Publicity stunts can sometimes serve serious ends. That was the case this week, as IBM submitted a highly advanced computing system – four years and $30m in the making – to the rigours of the popular US television quiz show, Jeopardy!
Shazam, the music recognition app that has been enjoying growing success of late selling songs as its user base has passed the 100m mark, now hopes to demonstrate it can sell clothes and other items with a new application of its fingerprinting technology. An ad campaign just launched with the Old Navy clothing chain in the US urges viewers to Shazam the music they hear on TV spots. The app then takes them to a screen identifying the band and song and inviting them not only to watch the music video and get the music for free, but also to shop for the clothes they see in the ad.
Martians – at least the popular science-fiction kind – might have felt quite at home at the annual Mobile World Congress event in Barcelona this week. Google’s green Android robot was everywhere and almost all of the new smartphone and tablet devices that I came across were running one of the Android family of operating systems.
Smartphone makers have been claiming for some time that their products are becoming as powerful as PCs, but with its new Atrix 4G phone, Motorola is actually proving its point by turning it into a laptop. I have been trying the Atrix 4G for the past week, most of the time docking it to a screen-and-keyboard laptop accessory that uses the guts of the Atrix for processing, memory and internet connectivity. The combination is unusual, but on the whole, works well and is being offered by AT&T in the US in an attractive package deal.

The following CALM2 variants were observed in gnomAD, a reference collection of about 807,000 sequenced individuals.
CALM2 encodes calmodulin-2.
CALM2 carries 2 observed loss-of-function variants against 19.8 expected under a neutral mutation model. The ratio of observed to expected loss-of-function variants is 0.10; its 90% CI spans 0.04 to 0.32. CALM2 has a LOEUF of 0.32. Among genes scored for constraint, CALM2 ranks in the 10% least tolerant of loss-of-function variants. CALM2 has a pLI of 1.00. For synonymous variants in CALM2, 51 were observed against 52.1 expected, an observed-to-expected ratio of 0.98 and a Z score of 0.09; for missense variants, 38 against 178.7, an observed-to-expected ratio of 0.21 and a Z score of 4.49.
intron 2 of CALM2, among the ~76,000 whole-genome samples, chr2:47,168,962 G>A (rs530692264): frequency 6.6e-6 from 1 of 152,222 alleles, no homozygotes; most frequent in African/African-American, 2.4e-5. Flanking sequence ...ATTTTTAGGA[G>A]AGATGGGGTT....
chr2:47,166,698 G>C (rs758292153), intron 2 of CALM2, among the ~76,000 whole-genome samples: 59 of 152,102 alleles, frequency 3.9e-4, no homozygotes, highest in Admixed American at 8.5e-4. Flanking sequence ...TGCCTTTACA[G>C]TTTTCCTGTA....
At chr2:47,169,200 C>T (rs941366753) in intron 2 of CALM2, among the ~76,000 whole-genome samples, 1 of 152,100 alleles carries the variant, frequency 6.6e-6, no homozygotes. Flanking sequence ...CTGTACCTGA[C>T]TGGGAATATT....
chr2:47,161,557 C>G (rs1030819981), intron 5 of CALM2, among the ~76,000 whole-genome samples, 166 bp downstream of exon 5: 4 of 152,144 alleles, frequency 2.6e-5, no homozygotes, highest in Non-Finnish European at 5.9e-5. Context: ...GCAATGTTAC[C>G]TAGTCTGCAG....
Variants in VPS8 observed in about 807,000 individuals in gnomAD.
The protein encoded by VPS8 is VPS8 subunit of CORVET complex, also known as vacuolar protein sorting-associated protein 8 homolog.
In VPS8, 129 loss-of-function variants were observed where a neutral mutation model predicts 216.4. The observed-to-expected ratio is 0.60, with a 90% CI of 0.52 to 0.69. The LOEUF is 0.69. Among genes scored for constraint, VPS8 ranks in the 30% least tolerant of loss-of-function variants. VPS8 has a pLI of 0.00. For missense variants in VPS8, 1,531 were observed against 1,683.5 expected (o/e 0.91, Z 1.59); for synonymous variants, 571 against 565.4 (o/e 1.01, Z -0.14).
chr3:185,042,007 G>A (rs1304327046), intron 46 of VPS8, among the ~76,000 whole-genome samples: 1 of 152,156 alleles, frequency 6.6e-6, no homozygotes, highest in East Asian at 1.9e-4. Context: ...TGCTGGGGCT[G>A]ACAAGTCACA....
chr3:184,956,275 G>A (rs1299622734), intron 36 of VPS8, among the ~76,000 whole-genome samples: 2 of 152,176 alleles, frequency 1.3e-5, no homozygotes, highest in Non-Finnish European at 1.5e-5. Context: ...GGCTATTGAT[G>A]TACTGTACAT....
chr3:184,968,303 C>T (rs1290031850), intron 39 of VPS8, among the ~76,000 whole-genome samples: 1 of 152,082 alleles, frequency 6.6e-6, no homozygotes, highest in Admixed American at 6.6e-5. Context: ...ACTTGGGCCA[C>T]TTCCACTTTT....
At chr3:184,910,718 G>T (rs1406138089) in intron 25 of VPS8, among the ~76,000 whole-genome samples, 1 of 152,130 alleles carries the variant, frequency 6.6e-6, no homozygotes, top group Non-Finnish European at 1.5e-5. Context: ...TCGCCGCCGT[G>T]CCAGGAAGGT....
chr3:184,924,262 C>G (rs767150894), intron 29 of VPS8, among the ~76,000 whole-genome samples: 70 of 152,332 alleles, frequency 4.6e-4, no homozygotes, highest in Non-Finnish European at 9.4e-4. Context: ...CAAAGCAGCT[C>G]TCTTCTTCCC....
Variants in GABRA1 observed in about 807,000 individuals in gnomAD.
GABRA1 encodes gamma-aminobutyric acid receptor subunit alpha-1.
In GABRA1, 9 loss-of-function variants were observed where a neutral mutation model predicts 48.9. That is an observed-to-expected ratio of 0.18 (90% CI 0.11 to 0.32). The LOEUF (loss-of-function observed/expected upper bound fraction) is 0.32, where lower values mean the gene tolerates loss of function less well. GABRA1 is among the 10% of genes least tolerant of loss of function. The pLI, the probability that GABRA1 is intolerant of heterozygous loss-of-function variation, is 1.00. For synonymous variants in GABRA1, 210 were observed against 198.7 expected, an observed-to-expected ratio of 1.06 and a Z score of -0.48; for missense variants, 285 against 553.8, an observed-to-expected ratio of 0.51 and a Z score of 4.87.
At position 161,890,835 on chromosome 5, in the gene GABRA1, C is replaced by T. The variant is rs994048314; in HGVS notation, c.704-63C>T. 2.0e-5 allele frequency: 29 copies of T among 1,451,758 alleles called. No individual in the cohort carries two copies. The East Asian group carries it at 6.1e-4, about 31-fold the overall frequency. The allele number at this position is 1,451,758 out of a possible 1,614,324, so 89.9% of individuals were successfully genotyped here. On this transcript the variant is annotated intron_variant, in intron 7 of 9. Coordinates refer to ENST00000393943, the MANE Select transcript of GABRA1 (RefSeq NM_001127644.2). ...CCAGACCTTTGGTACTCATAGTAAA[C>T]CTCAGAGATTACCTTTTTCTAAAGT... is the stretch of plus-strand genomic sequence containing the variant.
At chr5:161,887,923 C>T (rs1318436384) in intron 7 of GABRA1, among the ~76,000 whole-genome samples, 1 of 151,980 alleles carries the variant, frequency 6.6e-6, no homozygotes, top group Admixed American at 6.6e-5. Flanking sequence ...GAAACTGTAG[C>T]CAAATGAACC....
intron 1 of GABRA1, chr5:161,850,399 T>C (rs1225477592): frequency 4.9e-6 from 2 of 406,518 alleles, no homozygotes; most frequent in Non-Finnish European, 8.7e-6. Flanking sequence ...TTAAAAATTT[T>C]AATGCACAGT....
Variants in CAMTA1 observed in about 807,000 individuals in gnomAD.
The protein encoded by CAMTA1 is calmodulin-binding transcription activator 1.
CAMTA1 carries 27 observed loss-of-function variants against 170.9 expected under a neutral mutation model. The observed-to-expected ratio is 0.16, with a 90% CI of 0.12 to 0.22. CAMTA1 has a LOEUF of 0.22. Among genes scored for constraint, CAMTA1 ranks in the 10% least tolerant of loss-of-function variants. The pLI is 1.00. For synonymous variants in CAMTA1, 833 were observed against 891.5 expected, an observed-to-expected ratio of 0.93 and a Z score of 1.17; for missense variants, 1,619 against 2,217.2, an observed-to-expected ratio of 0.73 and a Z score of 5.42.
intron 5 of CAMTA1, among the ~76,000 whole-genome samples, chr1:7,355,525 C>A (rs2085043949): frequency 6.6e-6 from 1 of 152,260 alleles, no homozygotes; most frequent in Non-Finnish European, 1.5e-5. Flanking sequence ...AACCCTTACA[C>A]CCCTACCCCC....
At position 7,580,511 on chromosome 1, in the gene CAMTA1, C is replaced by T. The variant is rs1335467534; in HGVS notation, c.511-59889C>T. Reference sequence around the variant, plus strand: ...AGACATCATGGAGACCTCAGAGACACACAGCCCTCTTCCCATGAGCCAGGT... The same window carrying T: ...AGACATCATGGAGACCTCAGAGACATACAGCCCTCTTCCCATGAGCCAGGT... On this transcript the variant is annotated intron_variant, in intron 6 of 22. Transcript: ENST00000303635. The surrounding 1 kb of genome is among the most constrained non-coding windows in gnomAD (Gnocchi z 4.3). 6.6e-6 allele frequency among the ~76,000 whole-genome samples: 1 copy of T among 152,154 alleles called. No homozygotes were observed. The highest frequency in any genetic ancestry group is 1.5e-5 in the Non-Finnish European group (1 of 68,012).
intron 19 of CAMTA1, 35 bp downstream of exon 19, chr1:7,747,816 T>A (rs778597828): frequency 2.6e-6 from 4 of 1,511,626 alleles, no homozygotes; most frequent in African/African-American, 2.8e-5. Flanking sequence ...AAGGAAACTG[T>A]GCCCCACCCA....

Tech news from around the web:
Apple’s new regime for subscriptions to newspapers, magazines and books on the iPad will take many publishers aback but the most interesting standoff is with Amazon.
The two companies have been battling for supremacy on electronic tablets, with Apple’s adoption of the 30 per cent “agency model” having already undermined Amazon’s e-book price regime on the Kindle.
Groupon is stepping up its commitment to Russia and the country’s largest internet group, Mail.ru. The e-commerce site announced on Tuesday it would begin offering deals on Odnoklassniki, one of Mail.ru’s social networking sites, allowing customers to make one-click purchases and follow friends’ shopping habits without ever having to leave the Odnoklassniki site.
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